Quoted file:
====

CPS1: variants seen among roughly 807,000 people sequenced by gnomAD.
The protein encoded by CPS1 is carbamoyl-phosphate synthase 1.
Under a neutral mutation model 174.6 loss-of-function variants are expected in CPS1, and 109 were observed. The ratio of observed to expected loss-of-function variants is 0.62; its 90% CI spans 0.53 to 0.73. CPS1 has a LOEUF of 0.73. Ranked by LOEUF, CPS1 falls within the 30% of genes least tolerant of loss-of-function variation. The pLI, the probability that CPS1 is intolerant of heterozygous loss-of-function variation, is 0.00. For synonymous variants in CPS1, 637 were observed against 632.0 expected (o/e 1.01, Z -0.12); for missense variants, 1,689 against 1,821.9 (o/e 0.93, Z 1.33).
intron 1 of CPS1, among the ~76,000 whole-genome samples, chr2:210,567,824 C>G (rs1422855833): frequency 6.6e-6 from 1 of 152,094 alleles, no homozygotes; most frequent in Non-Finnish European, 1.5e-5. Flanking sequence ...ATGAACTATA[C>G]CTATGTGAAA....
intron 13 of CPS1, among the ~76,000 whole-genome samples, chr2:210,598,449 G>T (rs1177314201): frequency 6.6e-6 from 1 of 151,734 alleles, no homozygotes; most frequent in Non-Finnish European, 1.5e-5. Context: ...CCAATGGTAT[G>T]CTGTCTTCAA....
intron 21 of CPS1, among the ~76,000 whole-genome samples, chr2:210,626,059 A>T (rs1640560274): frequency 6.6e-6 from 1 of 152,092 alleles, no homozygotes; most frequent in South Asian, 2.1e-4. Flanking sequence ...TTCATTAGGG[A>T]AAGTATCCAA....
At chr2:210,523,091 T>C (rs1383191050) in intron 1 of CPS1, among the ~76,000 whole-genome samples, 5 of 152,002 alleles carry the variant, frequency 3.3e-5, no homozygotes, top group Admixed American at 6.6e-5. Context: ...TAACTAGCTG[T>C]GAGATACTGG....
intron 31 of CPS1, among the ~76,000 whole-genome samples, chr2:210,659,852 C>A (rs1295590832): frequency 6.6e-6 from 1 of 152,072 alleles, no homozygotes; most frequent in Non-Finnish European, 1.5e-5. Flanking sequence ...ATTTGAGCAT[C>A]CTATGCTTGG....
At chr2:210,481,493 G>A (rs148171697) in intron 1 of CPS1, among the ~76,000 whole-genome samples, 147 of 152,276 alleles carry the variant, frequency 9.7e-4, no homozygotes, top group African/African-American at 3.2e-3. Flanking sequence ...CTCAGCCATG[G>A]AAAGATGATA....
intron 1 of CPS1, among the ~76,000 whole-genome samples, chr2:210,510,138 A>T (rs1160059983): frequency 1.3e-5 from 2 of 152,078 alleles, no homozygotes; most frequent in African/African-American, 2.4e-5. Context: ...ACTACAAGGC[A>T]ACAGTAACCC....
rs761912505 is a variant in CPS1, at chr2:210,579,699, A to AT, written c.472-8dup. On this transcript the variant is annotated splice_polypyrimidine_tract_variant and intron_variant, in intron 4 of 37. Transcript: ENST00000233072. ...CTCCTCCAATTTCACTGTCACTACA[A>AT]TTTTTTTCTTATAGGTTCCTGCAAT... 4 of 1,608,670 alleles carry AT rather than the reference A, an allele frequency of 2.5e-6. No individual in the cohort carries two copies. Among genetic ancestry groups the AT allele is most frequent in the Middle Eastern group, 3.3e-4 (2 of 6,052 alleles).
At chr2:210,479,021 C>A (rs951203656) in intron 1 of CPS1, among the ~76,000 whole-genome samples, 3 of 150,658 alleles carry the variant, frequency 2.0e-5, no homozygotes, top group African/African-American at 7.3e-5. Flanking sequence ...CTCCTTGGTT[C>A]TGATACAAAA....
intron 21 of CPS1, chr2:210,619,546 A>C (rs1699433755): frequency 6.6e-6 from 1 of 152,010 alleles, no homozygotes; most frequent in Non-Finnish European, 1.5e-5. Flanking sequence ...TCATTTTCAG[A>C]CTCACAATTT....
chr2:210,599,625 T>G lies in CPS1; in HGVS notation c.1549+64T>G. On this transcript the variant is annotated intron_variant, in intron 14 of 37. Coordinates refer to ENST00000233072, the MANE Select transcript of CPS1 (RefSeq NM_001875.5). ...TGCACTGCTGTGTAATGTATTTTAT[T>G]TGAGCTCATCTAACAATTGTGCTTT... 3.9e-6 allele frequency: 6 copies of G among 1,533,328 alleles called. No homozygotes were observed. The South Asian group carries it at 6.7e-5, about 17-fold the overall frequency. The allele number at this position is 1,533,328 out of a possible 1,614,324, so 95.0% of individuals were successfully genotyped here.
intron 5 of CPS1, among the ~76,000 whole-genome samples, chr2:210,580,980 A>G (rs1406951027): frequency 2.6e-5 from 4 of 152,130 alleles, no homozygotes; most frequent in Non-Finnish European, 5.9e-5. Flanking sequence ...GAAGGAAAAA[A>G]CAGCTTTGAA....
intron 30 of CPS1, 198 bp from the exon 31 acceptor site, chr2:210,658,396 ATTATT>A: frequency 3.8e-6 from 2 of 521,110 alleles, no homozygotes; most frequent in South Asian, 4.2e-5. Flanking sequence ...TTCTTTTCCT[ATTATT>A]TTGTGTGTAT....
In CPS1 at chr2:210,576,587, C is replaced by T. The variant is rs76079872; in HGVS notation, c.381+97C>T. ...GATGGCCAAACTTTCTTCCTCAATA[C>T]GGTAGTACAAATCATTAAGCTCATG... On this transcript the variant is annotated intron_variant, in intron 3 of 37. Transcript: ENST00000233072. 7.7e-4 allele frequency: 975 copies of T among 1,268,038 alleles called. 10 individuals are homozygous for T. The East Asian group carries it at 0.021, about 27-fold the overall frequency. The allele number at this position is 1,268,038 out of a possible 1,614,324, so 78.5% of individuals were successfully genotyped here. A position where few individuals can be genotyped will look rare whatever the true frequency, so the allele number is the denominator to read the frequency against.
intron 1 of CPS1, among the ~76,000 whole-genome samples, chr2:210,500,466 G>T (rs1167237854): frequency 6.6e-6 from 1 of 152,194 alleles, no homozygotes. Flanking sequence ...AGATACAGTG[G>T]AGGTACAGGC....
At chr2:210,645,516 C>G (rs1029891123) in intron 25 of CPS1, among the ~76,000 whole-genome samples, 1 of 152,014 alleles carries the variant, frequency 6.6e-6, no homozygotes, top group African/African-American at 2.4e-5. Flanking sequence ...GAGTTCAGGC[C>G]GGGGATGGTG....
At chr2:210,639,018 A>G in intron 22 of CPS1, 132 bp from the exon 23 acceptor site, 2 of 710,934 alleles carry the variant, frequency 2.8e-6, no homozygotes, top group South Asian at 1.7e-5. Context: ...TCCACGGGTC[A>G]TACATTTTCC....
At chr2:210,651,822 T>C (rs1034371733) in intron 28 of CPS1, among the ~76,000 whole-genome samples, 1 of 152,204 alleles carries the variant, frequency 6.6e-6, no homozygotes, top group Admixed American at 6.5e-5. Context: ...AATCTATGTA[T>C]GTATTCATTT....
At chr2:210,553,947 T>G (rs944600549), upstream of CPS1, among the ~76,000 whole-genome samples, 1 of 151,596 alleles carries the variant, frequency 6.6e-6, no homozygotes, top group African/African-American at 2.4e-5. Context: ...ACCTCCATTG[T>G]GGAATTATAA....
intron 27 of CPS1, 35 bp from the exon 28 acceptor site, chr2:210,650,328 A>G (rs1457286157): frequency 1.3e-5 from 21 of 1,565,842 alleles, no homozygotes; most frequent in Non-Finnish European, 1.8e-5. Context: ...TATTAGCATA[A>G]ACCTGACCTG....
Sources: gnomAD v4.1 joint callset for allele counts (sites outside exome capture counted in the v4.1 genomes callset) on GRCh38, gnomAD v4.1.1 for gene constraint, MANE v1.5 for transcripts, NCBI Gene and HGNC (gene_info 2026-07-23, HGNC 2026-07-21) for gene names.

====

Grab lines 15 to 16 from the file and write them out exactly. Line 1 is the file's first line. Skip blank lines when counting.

intron 5 of CPS1, among the ~76,000 whole-genome samples, chr2:210,580,980 A>G (rs1406951027): frequency 2.6e-5 from 4 of 152,130 alleles, no homozygotes; most frequent in Non-Finnish European, 5.9e-5. Flanking sequence ...GAAGGAAAAA[A>G]CAGCTTTGAA....
intron 30 of CPS1, 198 bp from the exon 31 acceptor site, chr2:210,658,396 ATTATT>A: frequency 3.8e-6 from 2 of 521,110 alleles, no homozygotes; most frequent in South Asian, 4.2e-5. Flanking sequence ...TTCTTTTCCT[ATTATT>A]TTGTGTGTAT....